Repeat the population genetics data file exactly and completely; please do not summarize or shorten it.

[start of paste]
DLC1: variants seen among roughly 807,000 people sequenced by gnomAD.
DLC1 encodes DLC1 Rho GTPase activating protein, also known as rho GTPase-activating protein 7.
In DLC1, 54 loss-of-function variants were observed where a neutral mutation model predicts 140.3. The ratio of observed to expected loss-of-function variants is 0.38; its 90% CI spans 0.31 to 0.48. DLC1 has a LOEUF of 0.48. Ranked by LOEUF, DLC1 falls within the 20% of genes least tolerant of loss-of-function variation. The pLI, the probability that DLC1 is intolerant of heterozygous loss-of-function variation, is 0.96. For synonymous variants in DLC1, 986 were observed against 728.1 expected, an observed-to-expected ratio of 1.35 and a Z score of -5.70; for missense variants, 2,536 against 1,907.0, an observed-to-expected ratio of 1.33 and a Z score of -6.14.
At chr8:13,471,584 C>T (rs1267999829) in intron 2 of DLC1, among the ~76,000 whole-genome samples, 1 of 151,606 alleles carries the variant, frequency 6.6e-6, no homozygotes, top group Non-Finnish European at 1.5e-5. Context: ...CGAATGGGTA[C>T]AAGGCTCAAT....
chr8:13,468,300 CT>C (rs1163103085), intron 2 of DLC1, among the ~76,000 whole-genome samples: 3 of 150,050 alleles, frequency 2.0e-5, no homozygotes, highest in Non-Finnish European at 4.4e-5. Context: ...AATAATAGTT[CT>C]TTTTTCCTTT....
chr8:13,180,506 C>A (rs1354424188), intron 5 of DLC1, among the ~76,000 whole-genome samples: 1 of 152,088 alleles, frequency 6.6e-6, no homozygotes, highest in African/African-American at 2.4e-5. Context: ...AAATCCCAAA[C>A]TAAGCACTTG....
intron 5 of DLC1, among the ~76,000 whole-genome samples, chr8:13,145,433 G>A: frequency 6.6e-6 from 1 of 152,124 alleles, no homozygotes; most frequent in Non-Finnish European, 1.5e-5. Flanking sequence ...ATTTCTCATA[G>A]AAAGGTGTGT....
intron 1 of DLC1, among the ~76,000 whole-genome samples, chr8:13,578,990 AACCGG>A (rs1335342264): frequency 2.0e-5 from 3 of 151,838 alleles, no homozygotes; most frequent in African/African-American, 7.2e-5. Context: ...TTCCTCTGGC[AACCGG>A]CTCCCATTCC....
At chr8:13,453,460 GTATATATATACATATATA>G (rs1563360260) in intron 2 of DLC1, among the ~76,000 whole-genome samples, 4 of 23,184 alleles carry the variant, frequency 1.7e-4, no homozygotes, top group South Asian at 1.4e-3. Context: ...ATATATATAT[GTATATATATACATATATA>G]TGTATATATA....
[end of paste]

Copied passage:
DLC1: variants seen among roughly 807,000 people sequenced by gnomAD.
DLC1 encodes DLC1 Rho GTPase activating protein, also known as rho GTPase-activating protein 7.
In DLC1, 54 loss-of-function variants were observed where a neutral mutation model predicts 140.3. The ratio of observed to expected loss-of-function variants is 0.38; its 90% CI spans 0.31 to 0.48. DLC1 has a LOEUF of 0.48. Ranked by LOEUF, DLC1 falls within the 20% of genes least tolerant of loss-of-function variation. The pLI, the probability that DLC1 is intolerant of heterozygous loss-of-function variation, is 0.96. For synonymous variants in DLC1, 986 were observed against 728.1 expected, an observed-to-expected ratio of 1.35 and a Z score of -5.70; for missense variants, 2,536 against 1,907.0, an observed-to-expected ratio of 1.33 and a Z score of -6.14.
At chr8:13,471,584 C>T (rs1267999829) in intron 2 of DLC1, among the ~76,000 whole-genome samples, 1 of 151,606 alleles carries the variant, frequency 6.6e-6, no homozygotes, top group Non-Finnish European at 1.5e-5. Context: ...CGAATGGGTA[C>T]AAGGCTCAAT....
chr8:13,468,300 CT>C (rs1163103085), intron 2 of DLC1, among the ~76,000 whole-genome samples: 3 of 150,050 alleles, frequency 2.0e-5, no homozygotes, highest in Non-Finnish European at 4.4e-5. Context: ...AATAATAGTT[CT>C]TTTTTCCTTT....
chr8:13,180,506 C>A (rs1354424188), intron 5 of DLC1, among the ~76,000 whole-genome samples: 1 of 152,088 alleles, frequency 6.6e-6, no homozygotes, highest in African/African-American at 2.4e-5. Context: ...AAATCCCAAA[C>A]TAAGCACTTG....
intron 5 of DLC1, among the ~76,000 whole-genome samples, chr8:13,145,433 G>A: frequency 6.6e-6 from 1 of 152,124 alleles, no homozygotes; most frequent in Non-Finnish European, 1.5e-5. Flanking sequence ...ATTTCTCATA[G>A]AAAGGTGTGT....
intron 1 of DLC1, among the ~76,000 whole-genome samples, chr8:13,578,990 AACCGG>A (rs1335342264): frequency 2.0e-5 from 3 of 151,838 alleles, no homozygotes; most frequent in African/African-American, 7.2e-5. Context: ...TTCCTCTGGC[AACCGG>A]CTCCCATTCC....
At chr8:13,453,460 GTATATATATACATATATA>G (rs1563360260) in intron 2 of DLC1, among the ~76,000 whole-genome samples, 4 of 23,184 alleles carry the variant, frequency 1.7e-4, no homozygotes, top group South Asian at 1.4e-3. Context: ...ATATATATAT[GTATATATATACATATATA>G]TGTATATATA....